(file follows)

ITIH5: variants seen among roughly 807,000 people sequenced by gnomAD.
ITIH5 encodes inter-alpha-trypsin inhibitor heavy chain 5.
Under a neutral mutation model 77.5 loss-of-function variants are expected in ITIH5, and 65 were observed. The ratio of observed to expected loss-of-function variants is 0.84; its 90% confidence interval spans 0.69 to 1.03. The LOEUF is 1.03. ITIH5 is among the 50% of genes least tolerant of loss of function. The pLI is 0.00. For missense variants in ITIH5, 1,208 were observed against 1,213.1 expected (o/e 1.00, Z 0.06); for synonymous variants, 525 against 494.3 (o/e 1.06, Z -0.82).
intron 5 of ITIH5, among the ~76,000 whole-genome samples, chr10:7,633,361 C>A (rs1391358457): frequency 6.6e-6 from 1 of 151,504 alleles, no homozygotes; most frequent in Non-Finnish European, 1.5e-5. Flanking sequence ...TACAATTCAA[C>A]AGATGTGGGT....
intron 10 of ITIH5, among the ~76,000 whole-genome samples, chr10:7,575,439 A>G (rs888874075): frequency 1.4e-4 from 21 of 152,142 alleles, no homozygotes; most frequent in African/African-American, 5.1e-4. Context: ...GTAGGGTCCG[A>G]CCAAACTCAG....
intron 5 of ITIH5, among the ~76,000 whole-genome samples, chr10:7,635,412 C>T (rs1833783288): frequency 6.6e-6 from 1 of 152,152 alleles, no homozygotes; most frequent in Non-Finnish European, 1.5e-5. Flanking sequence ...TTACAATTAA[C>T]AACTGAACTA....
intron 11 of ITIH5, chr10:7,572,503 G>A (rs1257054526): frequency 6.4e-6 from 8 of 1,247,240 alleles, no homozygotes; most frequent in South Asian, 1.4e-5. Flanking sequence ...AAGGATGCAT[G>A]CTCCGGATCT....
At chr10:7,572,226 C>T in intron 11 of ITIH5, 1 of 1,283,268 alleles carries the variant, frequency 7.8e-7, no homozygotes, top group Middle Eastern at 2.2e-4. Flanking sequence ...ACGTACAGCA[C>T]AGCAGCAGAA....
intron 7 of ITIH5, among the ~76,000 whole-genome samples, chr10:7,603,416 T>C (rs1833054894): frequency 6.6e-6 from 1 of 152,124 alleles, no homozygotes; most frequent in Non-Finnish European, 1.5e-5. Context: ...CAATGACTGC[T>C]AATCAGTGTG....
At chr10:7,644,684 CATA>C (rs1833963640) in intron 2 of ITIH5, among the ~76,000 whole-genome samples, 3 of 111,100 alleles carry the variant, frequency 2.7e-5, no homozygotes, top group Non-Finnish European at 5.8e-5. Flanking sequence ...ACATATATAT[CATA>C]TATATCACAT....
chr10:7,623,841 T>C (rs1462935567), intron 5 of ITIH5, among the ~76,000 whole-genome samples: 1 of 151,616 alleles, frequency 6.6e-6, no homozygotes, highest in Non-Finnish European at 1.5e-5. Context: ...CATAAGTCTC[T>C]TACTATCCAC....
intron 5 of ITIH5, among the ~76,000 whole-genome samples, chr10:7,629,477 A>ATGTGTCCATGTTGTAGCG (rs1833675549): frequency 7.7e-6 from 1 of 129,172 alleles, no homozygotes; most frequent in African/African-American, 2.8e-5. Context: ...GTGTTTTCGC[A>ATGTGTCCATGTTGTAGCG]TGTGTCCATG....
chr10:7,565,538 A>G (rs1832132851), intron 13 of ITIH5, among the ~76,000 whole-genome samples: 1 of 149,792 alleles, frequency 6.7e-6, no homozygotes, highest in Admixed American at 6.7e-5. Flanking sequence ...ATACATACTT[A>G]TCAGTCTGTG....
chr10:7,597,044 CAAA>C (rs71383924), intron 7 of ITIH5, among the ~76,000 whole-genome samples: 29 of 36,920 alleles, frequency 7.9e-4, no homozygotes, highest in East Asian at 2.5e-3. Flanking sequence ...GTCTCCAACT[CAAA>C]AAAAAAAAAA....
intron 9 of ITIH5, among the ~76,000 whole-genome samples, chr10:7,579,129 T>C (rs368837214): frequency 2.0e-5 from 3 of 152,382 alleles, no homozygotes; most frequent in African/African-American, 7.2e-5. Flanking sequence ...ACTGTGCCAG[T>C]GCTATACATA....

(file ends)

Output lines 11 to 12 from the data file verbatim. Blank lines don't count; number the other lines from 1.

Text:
chr10:7,623,841 T>C (rs1462935567), intron 5 of ITIH5, among the ~76,000 whole-genome samples: 1 of 151,616 alleles, frequency 6.6e-6, no homozygotes, highest in Non-Finnish European at 1.5e-5. Context: ...CATAAGTCTC[T>C]TACTATCCAC....
intron 5 of ITIH5, among the ~76,000 whole-genome samples, chr10:7,629,477 A>ATGTGTCCATGTTGTAGCG (rs1833675549): frequency 7.7e-6 from 1 of 129,172 alleles, no homozygotes; most frequent in African/African-American, 2.8e-5. Context: ...GTGTTTTCGC[A>ATGTGTCCATGTTGTAGCG]TGTGTCCATG....